Ten Safety Tips for Driving at Night
January 11, 2022

Ten Safety Tips for Driving at Night

It is terrifying and unsafe to drive at night. According to the National Highway Traffic Safety Administration, road fatalities increase thrice at night. Human vision is also ineffective. Human eyes have poor night vision, with decreased depth perception, peripheral vision, and color discrimination.

However, you may decide to go on a road trip when it is safer to do so, and the tips below can help you improve your evening driving experience and reduce potential hazards. So, to navigate these perilous and dark roads, keep these guidelines in mind.

10 Points To Remember When Driving At Night

1.     If Your Headlights Or Windshields Are Damaged Or Dirty, Don’t Drive.

 You’ve probably noticed how quickly your windshield gets dirty if you’ve ever gone on a road trip. According to the National Highway Traffic Safety Administration, the accumulated grime can increase the glare from other cars and street lights, making it more difficult for you to see the road. Windshield damage can have the same effect, so it is best to repair any cracks before leaving.

Dirty or damaged headlights can cast less light on the road ahead, obstructing visibility. Start your journey with clean lights and windows, and then touch them up as needed using a squeegee and a pail of water available at most petrol stations.

2.     Watch Your Speed.

To begin, we’ll state that driving too fast is never a smart idea, but following established speed limits is especially vital at night when your field of vision is limited. The more quickly you drive, the less time you have to react if something unexpected happens.

Lastly, you should drive at a safe speed for the conditions. On wet roads, the Federal Motor Carrier Safety Administration recommends limiting your speed by one-third, and in the snow, by half.

3.     Avoid Driving When Drowsy

Drunk driving is extremely risky and has many of the same negative effects as drunk driving. If you nod off for even a fraction of a second, you risk losing control of your vehicle. Even though some strategies, such as coffee consumption, may work for some folks on occasion, the reality is that there is no one-size-fits-all solution that will work for everybody.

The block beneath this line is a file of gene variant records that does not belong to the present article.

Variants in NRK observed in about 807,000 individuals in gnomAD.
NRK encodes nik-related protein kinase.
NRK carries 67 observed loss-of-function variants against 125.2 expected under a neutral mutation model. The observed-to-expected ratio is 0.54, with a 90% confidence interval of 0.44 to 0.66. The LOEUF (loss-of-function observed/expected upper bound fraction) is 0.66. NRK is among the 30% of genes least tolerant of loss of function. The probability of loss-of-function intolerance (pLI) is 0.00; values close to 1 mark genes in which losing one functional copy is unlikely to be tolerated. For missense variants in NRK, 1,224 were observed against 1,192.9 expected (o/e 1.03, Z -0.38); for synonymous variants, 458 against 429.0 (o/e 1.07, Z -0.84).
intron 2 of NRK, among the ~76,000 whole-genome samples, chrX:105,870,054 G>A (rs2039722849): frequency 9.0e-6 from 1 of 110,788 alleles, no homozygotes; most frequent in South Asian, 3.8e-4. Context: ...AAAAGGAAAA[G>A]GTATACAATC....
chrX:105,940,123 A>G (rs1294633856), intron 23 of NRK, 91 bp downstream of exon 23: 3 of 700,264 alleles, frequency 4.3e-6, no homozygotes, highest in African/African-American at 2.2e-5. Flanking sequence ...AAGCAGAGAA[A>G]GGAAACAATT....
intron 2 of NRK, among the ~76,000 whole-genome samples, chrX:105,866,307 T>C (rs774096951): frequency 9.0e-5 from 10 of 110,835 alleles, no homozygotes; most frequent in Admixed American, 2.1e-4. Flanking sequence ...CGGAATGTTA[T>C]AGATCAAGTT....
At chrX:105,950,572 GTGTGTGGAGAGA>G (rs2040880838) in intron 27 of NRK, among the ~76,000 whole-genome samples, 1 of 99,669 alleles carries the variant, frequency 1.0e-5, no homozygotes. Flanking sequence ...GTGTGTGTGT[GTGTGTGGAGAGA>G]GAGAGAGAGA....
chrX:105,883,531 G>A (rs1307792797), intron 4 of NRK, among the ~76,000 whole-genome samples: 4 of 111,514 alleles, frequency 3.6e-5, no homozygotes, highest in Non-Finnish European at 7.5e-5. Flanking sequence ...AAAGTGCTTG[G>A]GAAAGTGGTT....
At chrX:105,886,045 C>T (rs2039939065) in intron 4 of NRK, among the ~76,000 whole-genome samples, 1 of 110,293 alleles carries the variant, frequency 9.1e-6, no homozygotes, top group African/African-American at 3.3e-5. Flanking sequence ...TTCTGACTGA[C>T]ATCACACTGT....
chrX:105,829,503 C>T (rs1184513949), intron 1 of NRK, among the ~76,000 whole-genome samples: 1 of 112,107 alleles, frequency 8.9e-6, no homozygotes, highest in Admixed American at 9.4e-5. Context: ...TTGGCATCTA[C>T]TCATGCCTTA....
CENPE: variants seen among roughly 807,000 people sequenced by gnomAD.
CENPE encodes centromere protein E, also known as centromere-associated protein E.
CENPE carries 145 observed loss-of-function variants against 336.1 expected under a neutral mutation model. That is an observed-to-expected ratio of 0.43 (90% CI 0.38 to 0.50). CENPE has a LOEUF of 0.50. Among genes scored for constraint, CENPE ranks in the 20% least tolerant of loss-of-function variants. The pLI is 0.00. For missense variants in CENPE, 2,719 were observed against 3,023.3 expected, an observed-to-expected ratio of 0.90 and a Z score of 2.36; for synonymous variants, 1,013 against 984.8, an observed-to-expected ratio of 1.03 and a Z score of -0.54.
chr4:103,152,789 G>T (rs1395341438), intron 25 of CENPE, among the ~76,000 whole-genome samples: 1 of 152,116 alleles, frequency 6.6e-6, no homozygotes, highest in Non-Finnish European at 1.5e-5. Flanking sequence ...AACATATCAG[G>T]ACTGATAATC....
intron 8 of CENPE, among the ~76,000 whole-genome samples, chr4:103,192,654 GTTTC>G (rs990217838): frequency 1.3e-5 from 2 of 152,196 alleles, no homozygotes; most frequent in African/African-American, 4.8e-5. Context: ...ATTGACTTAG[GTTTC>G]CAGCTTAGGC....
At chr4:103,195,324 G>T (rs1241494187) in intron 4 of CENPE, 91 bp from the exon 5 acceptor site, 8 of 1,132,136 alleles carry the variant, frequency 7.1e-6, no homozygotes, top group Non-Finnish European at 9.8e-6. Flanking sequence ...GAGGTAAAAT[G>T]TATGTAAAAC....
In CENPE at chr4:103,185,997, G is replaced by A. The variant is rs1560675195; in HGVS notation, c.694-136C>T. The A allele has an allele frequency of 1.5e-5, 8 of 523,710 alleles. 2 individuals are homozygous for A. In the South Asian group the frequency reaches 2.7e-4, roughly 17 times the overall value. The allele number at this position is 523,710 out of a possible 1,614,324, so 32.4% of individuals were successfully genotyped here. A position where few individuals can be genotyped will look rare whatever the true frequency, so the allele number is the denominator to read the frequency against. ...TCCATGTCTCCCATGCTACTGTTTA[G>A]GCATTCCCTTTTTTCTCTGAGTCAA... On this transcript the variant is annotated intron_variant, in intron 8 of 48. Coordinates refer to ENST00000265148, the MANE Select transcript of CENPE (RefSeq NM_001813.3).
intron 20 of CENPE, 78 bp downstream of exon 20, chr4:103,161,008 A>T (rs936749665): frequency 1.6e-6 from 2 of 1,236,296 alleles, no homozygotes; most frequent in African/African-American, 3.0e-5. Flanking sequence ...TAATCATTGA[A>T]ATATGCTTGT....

Therefore before getting behind the wheel, it’s important to be conscious of your level of weariness. If you’re worried about falling asleep, find another way home or wait it out and relax where you are if you can. Finding a safe location to pull over if you become drowsy while driving is your best bet.

4.     Be Extra Cautious Of Wildlife

While there is usually less traffic on the roadways at night, nocturnal creatures may be out in force, especially in more rural locations. Deer, wild pigs, opossums, raccoons, armadillos, and other animals are frequently seen on and around roads, so keep aware of your own safety and the safety of the animals!

Take notice of your surroundings and be prepared to halt if your journey takes you through dark or twisty rural roads. Swerving to avoid an animal that darts in front of your car can be dangerous, so slow down ahead of time to give yourself plenty of time to stop. You may not be able to see the full animal at first, but as your headlights bounce off their retinas, keep an eye out for their bright eyes.

5.     Don’t Stare at Oncoming Lights

At night, bright lights might make it difficult to concentrate. The dim glow of the instrument panel and the dark road ahead are both familiar sights inside the car. It’s incredibly simple to become distracted and stare into the headlights of an 18-wheeler heading your way without even realizing it. Turn your head away from other road lights and avoid looking at incoming high beams.

Look away, even if you’re trying to figure out if that oncoming car’s high beams are on or if they’re just mis-aimed.  you also can relocate your rearview mirror to reflect light backward If the vehicle in front of you has its high beams turned on, alerting the driver and keeping the reflection away from your own eyes.